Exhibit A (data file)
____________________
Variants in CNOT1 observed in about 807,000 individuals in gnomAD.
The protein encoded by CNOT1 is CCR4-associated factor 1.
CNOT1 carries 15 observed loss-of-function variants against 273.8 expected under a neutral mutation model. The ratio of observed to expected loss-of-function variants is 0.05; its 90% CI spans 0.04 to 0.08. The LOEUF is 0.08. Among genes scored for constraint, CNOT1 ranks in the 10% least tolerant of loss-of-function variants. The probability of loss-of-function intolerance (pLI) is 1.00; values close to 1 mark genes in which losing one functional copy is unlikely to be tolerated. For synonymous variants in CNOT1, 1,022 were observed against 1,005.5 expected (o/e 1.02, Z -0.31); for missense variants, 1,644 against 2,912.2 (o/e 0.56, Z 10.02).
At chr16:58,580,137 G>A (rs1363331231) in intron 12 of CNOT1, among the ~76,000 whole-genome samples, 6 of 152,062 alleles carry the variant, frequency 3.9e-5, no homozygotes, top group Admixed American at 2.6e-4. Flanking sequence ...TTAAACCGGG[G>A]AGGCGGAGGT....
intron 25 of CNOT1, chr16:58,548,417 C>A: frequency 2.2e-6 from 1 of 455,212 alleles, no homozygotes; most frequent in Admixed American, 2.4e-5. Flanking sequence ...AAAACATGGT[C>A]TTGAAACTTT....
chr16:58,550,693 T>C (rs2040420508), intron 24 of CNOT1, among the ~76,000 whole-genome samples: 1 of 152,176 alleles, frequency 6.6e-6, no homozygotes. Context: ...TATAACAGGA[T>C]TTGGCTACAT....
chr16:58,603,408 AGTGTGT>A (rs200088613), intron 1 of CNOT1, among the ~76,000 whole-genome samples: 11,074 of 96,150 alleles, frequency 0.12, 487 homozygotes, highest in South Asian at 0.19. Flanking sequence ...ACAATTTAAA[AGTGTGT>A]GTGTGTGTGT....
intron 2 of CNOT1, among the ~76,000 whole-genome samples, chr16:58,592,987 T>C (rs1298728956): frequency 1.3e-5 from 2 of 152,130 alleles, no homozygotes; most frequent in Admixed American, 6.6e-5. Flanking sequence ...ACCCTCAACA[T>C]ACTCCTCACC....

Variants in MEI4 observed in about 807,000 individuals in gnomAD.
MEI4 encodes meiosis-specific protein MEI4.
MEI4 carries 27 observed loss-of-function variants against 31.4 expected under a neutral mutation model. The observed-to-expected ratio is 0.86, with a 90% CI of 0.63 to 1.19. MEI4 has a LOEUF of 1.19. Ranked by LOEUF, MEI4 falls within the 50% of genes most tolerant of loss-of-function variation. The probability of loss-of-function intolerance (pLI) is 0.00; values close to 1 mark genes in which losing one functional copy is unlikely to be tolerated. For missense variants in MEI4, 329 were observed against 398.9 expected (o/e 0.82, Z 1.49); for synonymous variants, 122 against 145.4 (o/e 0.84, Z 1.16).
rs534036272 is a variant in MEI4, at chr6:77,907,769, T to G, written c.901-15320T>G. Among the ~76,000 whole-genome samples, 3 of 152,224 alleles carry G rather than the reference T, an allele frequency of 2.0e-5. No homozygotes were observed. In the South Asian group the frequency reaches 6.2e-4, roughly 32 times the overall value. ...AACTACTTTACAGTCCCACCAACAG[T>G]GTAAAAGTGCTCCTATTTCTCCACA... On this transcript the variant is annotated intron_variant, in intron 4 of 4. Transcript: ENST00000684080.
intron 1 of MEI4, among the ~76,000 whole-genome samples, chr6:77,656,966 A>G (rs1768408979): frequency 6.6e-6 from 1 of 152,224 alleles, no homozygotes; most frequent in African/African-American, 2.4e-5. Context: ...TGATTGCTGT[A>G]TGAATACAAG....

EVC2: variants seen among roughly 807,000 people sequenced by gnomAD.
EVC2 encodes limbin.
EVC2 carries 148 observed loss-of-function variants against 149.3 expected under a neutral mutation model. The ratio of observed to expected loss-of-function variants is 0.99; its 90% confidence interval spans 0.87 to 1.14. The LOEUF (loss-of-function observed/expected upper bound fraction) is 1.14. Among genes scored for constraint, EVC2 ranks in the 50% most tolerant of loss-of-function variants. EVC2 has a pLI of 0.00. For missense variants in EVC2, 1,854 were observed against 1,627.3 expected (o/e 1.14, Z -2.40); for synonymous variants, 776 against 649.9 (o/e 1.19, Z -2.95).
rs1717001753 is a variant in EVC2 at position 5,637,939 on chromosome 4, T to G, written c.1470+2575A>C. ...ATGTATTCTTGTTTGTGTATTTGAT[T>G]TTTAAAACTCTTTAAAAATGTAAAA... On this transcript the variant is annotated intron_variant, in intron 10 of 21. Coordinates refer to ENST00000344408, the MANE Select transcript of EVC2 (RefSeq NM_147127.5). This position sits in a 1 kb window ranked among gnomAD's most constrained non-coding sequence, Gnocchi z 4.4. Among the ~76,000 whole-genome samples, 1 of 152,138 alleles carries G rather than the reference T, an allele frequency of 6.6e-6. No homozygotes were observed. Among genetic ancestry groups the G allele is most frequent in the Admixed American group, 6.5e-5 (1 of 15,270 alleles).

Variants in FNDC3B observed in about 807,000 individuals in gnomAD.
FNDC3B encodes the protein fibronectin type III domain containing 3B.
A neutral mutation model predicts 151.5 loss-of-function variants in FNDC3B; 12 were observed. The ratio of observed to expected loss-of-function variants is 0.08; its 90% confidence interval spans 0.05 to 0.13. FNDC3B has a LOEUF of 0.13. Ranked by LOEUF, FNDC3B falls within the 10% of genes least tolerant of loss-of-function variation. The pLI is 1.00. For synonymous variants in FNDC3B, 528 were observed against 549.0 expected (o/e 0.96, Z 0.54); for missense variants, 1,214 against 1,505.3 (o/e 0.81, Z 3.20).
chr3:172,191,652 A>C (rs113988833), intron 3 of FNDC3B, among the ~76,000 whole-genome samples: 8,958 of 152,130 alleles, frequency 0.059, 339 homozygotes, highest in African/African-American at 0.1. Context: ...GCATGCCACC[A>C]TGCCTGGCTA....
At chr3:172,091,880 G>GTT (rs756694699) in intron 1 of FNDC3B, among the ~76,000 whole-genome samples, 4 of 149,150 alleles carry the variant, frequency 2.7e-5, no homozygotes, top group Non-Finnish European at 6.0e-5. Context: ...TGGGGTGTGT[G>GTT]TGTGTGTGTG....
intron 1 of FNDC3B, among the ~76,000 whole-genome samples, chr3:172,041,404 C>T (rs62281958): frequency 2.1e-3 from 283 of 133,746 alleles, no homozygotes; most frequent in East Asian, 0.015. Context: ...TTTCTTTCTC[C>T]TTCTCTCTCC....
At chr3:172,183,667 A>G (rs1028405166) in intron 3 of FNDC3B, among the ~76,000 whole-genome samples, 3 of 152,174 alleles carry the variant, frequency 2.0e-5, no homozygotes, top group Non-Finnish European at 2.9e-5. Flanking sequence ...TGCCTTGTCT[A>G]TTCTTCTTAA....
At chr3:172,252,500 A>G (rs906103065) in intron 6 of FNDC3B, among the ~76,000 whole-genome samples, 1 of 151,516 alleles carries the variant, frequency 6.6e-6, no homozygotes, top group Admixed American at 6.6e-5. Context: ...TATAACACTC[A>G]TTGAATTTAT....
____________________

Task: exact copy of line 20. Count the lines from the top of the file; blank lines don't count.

A neutral mutation model predicts 151.5 loss-of-function variants in FNDC3B; 12 were observed. The ratio of observed to expected loss-of-function variants is 0.08; its 90% confidence interval spans 0.05 to 0.13. FNDC3B has a LOEUF of 0.13. Ranked by LOEUF, FNDC3B falls within the 10% of genes least tolerant of loss-of-function variation. The pLI is 1.00. For synonymous variants in FNDC3B, 528 were observed against 549.0 expected (o/e 0.96, Z 0.54); for missense variants, 1,214 against 1,505.3 (o/e 0.81, Z 3.20).